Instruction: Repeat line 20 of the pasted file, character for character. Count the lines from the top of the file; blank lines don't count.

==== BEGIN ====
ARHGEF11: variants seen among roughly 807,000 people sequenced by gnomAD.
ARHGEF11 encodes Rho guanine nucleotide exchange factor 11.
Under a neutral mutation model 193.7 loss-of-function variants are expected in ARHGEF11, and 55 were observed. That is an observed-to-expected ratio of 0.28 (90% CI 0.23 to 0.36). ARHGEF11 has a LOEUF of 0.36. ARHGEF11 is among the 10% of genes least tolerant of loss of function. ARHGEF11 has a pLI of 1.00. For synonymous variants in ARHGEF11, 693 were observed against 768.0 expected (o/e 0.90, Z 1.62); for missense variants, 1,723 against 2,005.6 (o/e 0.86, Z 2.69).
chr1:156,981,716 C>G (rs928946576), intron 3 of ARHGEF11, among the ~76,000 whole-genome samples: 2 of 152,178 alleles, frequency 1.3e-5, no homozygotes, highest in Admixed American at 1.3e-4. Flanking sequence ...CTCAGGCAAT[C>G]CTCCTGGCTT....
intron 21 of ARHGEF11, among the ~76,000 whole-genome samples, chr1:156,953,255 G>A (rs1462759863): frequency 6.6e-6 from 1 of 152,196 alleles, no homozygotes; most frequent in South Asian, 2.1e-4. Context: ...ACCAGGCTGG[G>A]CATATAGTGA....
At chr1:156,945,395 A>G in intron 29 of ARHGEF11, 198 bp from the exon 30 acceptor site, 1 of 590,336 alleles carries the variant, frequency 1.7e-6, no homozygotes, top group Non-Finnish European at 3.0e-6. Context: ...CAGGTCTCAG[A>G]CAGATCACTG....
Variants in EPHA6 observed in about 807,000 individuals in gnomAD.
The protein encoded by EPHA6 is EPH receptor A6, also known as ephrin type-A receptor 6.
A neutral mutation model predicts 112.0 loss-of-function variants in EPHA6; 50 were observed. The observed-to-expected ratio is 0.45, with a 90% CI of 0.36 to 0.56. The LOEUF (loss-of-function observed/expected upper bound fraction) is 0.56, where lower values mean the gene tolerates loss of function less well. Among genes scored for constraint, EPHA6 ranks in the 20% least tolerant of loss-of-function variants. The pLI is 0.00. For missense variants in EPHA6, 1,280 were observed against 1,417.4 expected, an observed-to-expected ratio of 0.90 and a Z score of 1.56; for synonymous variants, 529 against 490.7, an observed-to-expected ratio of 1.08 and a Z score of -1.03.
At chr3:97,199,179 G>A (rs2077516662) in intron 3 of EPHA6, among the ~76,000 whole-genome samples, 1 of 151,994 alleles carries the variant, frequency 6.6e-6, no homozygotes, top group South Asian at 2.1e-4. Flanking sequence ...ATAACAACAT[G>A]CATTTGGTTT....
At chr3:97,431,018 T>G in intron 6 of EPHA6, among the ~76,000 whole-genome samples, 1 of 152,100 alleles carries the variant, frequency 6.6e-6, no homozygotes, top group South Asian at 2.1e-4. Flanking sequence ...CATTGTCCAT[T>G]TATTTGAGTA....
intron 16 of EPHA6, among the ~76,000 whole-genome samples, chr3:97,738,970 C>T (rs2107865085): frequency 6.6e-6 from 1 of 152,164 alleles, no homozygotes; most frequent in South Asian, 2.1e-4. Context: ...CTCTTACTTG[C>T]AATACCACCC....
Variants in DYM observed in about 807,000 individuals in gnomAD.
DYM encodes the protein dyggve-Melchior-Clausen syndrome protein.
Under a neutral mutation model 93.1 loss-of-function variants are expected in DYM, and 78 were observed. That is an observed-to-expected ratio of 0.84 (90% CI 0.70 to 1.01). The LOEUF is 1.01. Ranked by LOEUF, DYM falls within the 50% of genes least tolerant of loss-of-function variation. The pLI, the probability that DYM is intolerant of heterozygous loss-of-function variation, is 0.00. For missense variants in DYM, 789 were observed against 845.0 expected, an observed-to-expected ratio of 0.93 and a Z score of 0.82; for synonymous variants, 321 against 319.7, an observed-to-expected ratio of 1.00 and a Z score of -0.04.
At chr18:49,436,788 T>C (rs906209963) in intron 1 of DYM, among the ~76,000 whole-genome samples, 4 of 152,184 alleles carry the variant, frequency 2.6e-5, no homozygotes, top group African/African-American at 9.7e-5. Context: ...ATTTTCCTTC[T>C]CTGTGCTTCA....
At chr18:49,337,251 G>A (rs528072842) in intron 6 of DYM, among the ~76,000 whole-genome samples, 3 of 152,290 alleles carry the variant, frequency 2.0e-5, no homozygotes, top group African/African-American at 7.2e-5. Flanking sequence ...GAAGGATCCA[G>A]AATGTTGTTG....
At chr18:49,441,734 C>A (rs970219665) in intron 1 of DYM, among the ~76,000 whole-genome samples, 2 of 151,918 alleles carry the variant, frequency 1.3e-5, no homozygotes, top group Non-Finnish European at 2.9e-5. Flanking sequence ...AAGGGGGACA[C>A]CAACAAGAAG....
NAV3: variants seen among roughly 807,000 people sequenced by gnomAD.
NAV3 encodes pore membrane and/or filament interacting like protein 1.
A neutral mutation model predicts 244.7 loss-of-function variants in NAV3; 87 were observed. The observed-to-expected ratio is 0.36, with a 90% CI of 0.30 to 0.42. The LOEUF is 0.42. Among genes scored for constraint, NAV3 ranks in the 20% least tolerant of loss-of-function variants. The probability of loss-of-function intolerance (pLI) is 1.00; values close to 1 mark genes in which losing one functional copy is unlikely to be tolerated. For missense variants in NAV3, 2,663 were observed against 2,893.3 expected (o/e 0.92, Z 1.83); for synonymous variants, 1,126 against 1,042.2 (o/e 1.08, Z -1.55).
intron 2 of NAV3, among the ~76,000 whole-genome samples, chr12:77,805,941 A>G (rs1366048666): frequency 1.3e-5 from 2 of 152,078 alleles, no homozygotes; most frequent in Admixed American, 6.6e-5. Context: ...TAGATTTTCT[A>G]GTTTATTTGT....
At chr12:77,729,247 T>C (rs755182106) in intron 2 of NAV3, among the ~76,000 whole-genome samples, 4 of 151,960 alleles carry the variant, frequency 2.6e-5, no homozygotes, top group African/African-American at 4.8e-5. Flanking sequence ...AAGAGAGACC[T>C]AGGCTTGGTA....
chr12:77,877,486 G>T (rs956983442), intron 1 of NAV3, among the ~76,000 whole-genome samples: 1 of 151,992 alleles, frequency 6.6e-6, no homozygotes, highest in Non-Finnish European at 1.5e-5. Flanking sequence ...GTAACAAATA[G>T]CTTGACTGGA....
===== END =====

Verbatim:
NAV3 encodes pore membrane and/or filament interacting like protein 1.